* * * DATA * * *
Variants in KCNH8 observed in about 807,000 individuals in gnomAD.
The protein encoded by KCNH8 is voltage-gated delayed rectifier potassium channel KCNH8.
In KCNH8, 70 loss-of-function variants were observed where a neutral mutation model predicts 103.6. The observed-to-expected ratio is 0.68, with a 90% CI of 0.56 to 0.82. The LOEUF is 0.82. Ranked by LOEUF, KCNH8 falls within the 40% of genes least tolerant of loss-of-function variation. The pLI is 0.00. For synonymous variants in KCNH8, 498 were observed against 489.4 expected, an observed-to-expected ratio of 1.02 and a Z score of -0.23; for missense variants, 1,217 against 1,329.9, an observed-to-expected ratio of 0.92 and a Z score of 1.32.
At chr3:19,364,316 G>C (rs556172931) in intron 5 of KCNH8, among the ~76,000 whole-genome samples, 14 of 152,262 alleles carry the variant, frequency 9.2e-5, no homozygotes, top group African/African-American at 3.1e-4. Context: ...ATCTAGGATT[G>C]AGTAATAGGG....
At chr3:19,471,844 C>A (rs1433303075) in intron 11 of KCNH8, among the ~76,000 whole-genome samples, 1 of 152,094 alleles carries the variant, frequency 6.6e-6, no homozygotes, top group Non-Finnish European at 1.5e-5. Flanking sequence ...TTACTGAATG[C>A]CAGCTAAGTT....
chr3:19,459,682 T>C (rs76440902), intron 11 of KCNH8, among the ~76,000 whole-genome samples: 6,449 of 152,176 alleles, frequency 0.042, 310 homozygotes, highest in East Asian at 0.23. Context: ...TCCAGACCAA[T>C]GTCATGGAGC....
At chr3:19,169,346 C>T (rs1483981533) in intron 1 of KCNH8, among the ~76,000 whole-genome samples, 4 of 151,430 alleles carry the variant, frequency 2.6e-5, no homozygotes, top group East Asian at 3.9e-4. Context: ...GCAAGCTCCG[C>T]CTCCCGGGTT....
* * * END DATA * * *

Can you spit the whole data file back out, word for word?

Variants in KCNH8 observed in about 807,000 individuals in gnomAD.
The protein encoded by KCNH8 is voltage-gated delayed rectifier potassium channel KCNH8.
In KCNH8, 70 loss-of-function variants were observed where a neutral mutation model predicts 103.6. The observed-to-expected ratio is 0.68, with a 90% CI of 0.56 to 0.82. The LOEUF is 0.82. Ranked by LOEUF, KCNH8 falls within the 40% of genes least tolerant of loss-of-function variation. The pLI is 0.00. For synonymous variants in KCNH8, 498 were observed against 489.4 expected, an observed-to-expected ratio of 1.02 and a Z score of -0.23; for missense variants, 1,217 against 1,329.9, an observed-to-expected ratio of 0.92 and a Z score of 1.32.
At chr3:19,364,316 G>C (rs556172931) in intron 5 of KCNH8, among the ~76,000 whole-genome samples, 14 of 152,262 alleles carry the variant, frequency 9.2e-5, no homozygotes, top group African/African-American at 3.1e-4. Context: ...ATCTAGGATT[G>C]AGTAATAGGG....
At chr3:19,471,844 C>A (rs1433303075) in intron 11 of KCNH8, among the ~76,000 whole-genome samples, 1 of 152,094 alleles carries the variant, frequency 6.6e-6, no homozygotes, top group Non-Finnish European at 1.5e-5. Flanking sequence ...TTACTGAATG[C>A]CAGCTAAGTT....
chr3:19,459,682 T>C (rs76440902), intron 11 of KCNH8, among the ~76,000 whole-genome samples: 6,449 of 152,176 alleles, frequency 0.042, 310 homozygotes, highest in East Asian at 0.23. Context: ...TCCAGACCAA[T>C]GTCATGGAGC....
At chr3:19,169,346 C>T (rs1483981533) in intron 1 of KCNH8, among the ~76,000 whole-genome samples, 4 of 151,430 alleles carry the variant, frequency 2.6e-5, no homozygotes, top group East Asian at 3.9e-4. Context: ...GCAAGCTCCG[C>T]CTCCCGGGTT....